Browsing by Subject "production trait"

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  • Riihimäki, Anna (Helsingin yliopisto, 2019)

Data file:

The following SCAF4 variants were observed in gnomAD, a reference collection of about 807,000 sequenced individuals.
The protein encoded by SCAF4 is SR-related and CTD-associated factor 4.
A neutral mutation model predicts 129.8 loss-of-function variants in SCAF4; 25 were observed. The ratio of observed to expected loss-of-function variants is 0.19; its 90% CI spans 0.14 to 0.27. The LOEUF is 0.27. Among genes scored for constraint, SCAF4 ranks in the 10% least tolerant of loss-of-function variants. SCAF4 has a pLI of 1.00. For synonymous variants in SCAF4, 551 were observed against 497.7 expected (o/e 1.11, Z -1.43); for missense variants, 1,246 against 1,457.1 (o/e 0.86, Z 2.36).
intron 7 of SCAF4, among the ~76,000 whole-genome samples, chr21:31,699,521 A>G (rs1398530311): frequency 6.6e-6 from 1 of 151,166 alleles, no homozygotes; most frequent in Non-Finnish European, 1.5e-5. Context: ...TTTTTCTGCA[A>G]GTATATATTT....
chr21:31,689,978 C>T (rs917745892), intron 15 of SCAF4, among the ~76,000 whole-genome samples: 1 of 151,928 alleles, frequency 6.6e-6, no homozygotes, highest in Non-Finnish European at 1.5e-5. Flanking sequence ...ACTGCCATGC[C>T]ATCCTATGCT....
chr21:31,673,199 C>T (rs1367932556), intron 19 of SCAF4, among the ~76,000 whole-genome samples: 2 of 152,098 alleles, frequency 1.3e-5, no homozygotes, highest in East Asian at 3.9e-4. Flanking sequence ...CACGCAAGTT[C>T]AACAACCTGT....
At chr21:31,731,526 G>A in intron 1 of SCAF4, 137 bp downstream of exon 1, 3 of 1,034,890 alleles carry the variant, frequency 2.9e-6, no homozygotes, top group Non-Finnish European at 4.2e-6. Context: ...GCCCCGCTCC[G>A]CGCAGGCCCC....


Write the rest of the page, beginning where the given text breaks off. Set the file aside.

The target of pork production is to produce lean meat efficiently in a sustainable way taking into account environment and ethical aspects. The most important production traits in pigs are average daily gain, feed efficiency and leanness. A lot of research is conducted related to production traits in comparison to feeding behavior traits. The objective of this study was to estimate heritability of feeding behavior traits and their genetic correlations with production traits in Finnish Landrace population. The data included feeding records of 4059 Landrace pigs measured automatically in Figen’s test station. The pigs had started their test period during 2010 - 2016. The measured traits were the number of visits per day (NVD), time spent in feeding per day (TPD), daily feed intake (DFI), time spent feeding per visit (TPV), feed intake per visit (FPV), feeding rate (FR), average daily gain (ADG), back fat thickness (BF) and feed conversion ratio (FCR). Feeding behavior traits were divided into 5 periods. Heritability estimates of feeding behavior traits were moderate. The heritability estimates were 0,22-0,29 for NVD, 0,33-0,47 for TPD, 0,16-0,25 for DFI, 0,22-0,31 for TPV, 0,28-0,36 for FPV, 0,35-0,38 for FR, 0,27 for ADG, 0,22 for BF, and 0,24 for FCR. Compared to other published results heritabilities of TPD and FR were similar. However, heritabilities of other feeding behavior traits were quite low compared to published results. In addition, heritability of BF was unexpectedly low. The genetic correlations of feeding behavior traits were similar at different test periods. The highest positive genetic correlations were between traits TPV – FPV, FPV – FR, and NVD – TPD. The highest negative genetic correlations were between traits NVD – FPV, TPD – FR, and NVD – TPV. Genetic correlations between feeding behavior traits and production traits were low. Only between DFI – ADG, DFI – FCR, and FPV – FCR the genetic correlations were significant (and positive). In conclusion, heritabilities of feeding behavior traits were moderate. Because the only strong genetic correlation between feeding behavior and production traits was obtained between DFI and ADG, including feeding behavior traits in breeding programs is not necessary. However, feeding behavior data are easy to collect from the electronic feeders and the observations are reliable, thus daily feeding records can be used for monitoring animal’s health and welfare.